The covered bridge is still in use daily. The image on the right was taken from a platform on the grist mill,
The mill has been restored by a volunteer group that use it to grind grain for a fee. Locals come to buy the product, as well as just enjoy the area.
Their home was very much decorated. It looked like a bed and breakfast right out of a magazine. Lots of little doo dads and goo gahs and trinkets, but it was all coordinated and cute. Two bedrooms upstairs had been for the kids when they were still home. We stayed in one of them. It was very comfortable.
Renee and I first met when she was a sophomore in high school and I was teaching my first year. She was in my after-school Driver Education class. I taught the classroom portion, not the behind-the-wheel portion. Extra pay for a first-year teacher... a whole $3.33 per hour. Her mom ended up watching our two kids when they got out of school and I would stop and pick them up after work. The kids enjoyed spending time with Maxine and Jerry. They are both gone now, but we have good memories from those days. Maxine was the one that taught the kids how to ride a bicycle.
Renee was my teaching assistant until she graduated from high school. I asked her to administer the tool test to the automotive students once. The kids loved it. She would hold up a tool and they had to find its proper name from a list they had and write down the answer. For some reason 'the boys' enjoyed it when I had my TAs help in class. At least they were quiet and occupied.
Movin' On... Heading south into Oregon.
|DESTINATION FIVE: BEND, OREGON
More or less out in the center of Oregon is Bend, where Rosalee's niece Murphy and her husband Dick live, along with their cute dog. They live in a lovely condominium in a wooded and hilly area that was very pleasant. Murphy is a nick name. It was her last name during a previous marriage, and where she worked they called her by that last name. She was born Earlane. Murphy is a very skilled artist. She paints scenes, animals and people, and commands a nice price for her work. I would certainly hang her work in my home with pride.
We went to a restaurant out in the country next to a lake. We saw a young couple going out on surfboards, standing on them with a paddle to move them on the water. A short time later we had a major storm with lightening and buckets of rain. Sitting next to a large window we could see the couple coming back. They were not dressed with the intent of getting into the water, so they were absolutely drenched to the skin. She was still standing but he had given up and was laying on his belly paddling with his hands.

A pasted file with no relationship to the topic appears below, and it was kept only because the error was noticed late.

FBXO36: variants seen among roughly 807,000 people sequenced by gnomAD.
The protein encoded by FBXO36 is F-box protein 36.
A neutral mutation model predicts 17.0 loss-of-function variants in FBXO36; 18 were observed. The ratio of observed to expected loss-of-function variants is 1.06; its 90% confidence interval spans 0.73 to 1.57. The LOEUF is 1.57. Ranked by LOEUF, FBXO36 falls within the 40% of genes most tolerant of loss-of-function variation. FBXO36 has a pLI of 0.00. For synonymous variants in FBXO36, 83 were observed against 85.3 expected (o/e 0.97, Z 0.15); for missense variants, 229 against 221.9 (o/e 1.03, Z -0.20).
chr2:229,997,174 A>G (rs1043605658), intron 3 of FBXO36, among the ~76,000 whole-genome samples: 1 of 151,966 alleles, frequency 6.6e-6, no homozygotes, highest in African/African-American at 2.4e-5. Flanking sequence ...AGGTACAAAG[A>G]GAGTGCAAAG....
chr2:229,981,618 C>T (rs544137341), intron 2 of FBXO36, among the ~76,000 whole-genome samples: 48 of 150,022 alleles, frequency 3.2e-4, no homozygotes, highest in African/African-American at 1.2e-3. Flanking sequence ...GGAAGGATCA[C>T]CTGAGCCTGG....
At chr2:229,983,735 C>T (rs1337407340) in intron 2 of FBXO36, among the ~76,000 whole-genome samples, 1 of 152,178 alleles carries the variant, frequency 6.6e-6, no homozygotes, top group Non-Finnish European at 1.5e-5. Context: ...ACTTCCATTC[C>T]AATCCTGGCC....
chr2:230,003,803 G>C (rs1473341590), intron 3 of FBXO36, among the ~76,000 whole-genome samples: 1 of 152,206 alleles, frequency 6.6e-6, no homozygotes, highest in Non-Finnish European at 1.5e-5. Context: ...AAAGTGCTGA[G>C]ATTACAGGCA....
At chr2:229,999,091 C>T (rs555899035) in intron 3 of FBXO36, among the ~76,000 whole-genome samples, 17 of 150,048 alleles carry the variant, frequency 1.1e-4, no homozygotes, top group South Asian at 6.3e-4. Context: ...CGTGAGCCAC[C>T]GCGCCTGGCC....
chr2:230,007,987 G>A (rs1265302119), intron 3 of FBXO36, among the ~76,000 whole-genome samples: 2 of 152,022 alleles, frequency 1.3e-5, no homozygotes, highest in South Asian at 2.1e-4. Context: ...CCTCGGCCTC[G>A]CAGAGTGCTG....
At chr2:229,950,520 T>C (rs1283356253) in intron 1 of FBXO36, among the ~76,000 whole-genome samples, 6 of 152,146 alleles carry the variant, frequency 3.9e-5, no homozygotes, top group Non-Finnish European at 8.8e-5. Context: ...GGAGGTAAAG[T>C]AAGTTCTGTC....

There was a beautiful park that we visited with Murphy where we took in a "Raptor Show". We observed large birds flying barely over us from one tree to another. The Ranger talked about the birds and it was quite informational.
We took a drive up to the top of a mesa there in the town, which was very popular with the locals. Murphy grabbed my phone and said "Selfie!" and took this picture with the mountains in the background.
We came out of a Thai restaurant and the sky looked like this. It was in the evening, but this was looking east. It was a reflection of the sunset behind us. The thought of a forest fire crossed my mind.
We had a nice visit. Dick even said that we could come back again. We may take him up on that.
Next stop... Roseburg, OR.
|DESTINATION SIX: ROSEBURG, OREGON
We first met Anne and Steve Bettencourt when they lived in Livermore and attended the cancer support group that we attended and later co-facilitated with Terry Stillwell. They always had at least three "doggies" as Anne calls them, but they had to reduce their family to one pet since they are renting in Roseburg.
We checked into a lovely hotel that had balconies on the backside overlooking a peaceful park setting and smooth-running river. It was July 3rd.
A number of Anne's relatives live in the area, so she invited a dozen or so of them over for a fourth of July cook-out, and the plan was to watch the fireworks that were scheduled. They had not lived there a year yet, so they did not know exactly where they would be visible in the sky, but they lived only a half mile from the park where they were to be fired off. As it turned out, there was one clear area of the sky in their back yard and the fireworks were dead center of that area.
We enjoyed the good food and visiting with the relatives. A very nice Fourth of July holiday.
Time to hit the road again, this time we are Chico CA bound.
|DESTINATION SEVEN: CHICO, CALIFORNIA
Rosalee and I lived in Chico from 1962 to 1965. I got my degree in Chico. Kenton was born in Chico. We both grew up just thirty miles south of Chico in Gridley.
We are stopping off here to spend the night in a hotel we have used several times before. It is Saturday night, so we plan on meeting my niece Kitty and her Ken at church in Richvale... half way to Gridley. If they are available we may be able to meet them in Gridley at Black Bear Restaurant after church.
A nice church service... a nice lunch... homebound. It is always nice to get home.
In two months we will be back to Gridley for our 55th high school reunion dinner Then two weeks later we have a cruise scheduled for the east coast, with a week's travel in a bus to explore Colonial America. We are looking forward to both trips.